Monday, April 28, 2008

How are you today? I don't care...

My wife struggles with the issue of the standard every day "How are you?" So common in our culture. Not that she doesn't understand the question. She doesn't understand the reason. "Why do people ask if they don't care about the answer?" That's her question. In Brazil, when people ask, they expect a detailed, honest answer. But in the U.S. when you answer with anything much beyond "Fine" or "Ok," people act bored.

She has a point. Just try one day of answering that question honestly and you'll see how fast the eyes glaze over. "How are you?" "Well, actually, my cat is sick, and my car needs a new engine. And I don't know how I'm going to pay for the vet and repairs, and to top it off, I'm coming down with something..." SNORE! People will become too busy to talk really quick and avoid you the rest of the day. Okay, not most people you really know well, but any casual acquaintances you can count on it.

In the U.S. we have a habit of asking the question as politeness, not genuine concern. And for someone from a culture where genuine concern and interest is more than politeness, it is hard to understand that. Believe it or not, in some cultures people would far rather engage in a meaningful conversation than watch tv or movies. They would even rather be with other people, getting to know them, than eating or doing about anything else. In these cultures, relationships are top priority. So imagine being in a country where independence is the highest priority, and people tend to keep small circles and hold everything in.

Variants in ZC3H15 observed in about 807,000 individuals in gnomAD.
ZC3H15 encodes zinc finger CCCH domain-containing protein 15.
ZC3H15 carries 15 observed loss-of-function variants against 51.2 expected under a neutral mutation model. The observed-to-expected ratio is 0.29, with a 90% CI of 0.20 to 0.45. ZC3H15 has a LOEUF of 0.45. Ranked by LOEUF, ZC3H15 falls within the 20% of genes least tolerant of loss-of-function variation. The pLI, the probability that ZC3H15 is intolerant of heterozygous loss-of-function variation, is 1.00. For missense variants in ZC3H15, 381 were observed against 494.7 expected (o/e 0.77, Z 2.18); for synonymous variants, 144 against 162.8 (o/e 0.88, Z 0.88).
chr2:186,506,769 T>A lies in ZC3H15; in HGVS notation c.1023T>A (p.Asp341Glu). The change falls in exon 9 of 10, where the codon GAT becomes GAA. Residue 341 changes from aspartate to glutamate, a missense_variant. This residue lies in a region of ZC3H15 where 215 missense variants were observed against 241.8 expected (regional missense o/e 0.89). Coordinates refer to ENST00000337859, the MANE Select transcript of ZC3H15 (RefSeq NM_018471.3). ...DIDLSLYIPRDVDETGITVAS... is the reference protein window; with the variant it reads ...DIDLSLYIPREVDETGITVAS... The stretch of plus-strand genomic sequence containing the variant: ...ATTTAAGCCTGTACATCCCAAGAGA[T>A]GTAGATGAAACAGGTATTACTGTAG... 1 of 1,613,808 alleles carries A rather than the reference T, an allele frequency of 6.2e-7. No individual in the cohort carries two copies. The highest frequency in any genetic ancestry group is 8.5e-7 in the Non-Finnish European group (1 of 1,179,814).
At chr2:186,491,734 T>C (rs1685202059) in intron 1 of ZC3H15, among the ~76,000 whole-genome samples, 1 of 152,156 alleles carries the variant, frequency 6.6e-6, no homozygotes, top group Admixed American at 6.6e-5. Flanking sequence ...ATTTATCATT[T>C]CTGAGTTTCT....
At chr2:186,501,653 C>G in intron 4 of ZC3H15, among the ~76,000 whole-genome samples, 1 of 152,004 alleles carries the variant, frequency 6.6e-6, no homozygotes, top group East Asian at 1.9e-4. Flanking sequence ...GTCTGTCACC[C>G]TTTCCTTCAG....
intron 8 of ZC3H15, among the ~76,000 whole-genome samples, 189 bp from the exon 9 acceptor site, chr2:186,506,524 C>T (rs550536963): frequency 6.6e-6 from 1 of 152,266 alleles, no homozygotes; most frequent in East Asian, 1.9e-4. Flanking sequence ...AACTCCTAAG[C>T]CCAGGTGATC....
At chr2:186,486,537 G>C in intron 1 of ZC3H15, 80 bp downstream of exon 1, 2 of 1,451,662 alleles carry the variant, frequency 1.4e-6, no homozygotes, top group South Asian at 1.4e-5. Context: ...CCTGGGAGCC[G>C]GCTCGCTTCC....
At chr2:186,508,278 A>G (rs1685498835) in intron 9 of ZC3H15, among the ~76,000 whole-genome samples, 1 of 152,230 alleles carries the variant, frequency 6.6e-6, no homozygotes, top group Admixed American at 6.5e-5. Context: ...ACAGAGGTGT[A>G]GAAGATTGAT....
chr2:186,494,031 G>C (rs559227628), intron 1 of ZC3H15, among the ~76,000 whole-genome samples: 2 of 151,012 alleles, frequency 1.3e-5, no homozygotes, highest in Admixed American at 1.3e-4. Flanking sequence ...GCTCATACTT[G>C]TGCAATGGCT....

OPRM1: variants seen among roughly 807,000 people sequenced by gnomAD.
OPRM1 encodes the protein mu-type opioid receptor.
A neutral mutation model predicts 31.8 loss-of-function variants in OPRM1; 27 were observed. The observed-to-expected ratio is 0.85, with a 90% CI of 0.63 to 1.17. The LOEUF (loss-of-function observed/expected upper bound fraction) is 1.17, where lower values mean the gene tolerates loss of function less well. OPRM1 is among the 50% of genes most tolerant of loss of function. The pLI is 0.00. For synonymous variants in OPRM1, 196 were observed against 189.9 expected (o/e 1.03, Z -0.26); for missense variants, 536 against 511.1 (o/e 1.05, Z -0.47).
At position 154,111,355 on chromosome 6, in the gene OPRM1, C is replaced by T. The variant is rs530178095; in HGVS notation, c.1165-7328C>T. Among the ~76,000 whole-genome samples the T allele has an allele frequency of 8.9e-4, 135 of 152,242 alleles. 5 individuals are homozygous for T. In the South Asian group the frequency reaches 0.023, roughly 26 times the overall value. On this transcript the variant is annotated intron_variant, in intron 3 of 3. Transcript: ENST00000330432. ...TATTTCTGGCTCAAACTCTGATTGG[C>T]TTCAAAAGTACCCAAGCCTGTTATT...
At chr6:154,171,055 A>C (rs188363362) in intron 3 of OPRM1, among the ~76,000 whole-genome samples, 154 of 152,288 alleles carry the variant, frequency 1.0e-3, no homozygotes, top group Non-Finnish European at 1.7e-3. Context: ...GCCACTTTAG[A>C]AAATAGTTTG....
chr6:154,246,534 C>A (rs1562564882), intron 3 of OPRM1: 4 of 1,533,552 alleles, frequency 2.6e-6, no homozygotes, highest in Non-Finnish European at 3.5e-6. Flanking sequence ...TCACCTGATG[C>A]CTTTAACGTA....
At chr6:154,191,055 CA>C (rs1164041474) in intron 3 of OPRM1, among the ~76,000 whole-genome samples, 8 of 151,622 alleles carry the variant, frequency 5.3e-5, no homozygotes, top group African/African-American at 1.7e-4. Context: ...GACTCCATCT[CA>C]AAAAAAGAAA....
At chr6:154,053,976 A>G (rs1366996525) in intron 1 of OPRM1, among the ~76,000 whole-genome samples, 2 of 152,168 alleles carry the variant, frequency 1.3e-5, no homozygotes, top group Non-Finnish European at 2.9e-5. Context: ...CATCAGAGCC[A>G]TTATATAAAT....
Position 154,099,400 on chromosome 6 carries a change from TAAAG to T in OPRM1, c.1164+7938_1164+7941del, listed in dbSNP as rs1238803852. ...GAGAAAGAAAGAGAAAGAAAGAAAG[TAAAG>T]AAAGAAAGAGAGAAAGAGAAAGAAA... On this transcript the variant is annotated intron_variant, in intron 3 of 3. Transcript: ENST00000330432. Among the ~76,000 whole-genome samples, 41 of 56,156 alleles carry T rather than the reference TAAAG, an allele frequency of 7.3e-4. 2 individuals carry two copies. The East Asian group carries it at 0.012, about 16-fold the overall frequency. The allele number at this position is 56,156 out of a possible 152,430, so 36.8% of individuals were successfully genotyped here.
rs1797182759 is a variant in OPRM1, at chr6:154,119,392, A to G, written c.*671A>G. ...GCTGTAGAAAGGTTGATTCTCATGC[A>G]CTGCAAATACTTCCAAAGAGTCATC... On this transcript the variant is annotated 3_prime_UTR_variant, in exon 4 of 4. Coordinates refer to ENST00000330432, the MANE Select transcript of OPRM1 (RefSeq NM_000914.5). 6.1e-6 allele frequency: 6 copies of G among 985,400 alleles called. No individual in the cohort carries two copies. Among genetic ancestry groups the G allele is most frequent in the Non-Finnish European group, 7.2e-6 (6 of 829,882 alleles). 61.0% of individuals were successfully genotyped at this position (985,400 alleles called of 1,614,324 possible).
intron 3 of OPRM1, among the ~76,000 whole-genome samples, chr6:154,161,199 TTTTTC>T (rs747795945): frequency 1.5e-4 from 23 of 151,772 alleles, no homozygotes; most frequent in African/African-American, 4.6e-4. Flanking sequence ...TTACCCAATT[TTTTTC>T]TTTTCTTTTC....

My wife is a friendly person who longs for community. To her, when a person asks: "How are you?" It is an investment of interest. Not a polite greeting. She took it as a genuine concern. And when she discovered people's eyes glazing over during her honest answers, she was hurt. And baffled. She doesn't get why people pretend to care, when they don't. In Brazil, people who don't want to get into a conversation or care, just greet others politely with "Oi" (hi) or "Bom dia" (good day). They make no attempt to pretend interest. It's more direct and more genuine. At least to someone from a culture where relating to others is so highly valued.

To me, it's a reminder that we've lost something. Our lack of community, our independent-mindedness, tends to numb us to genuine concern and caring, and separate us from one another. We guard our inner selves like closely held military secrets, and keep our lives and problems from the prying eyes and ears of all but our closest associates. No wonder politicians and others find it so easy to divide us. We hardly know each other. It is much easier to be suspicious and distrusting of people whom we know so little about. And even harder to care about them.

For what it's worth...

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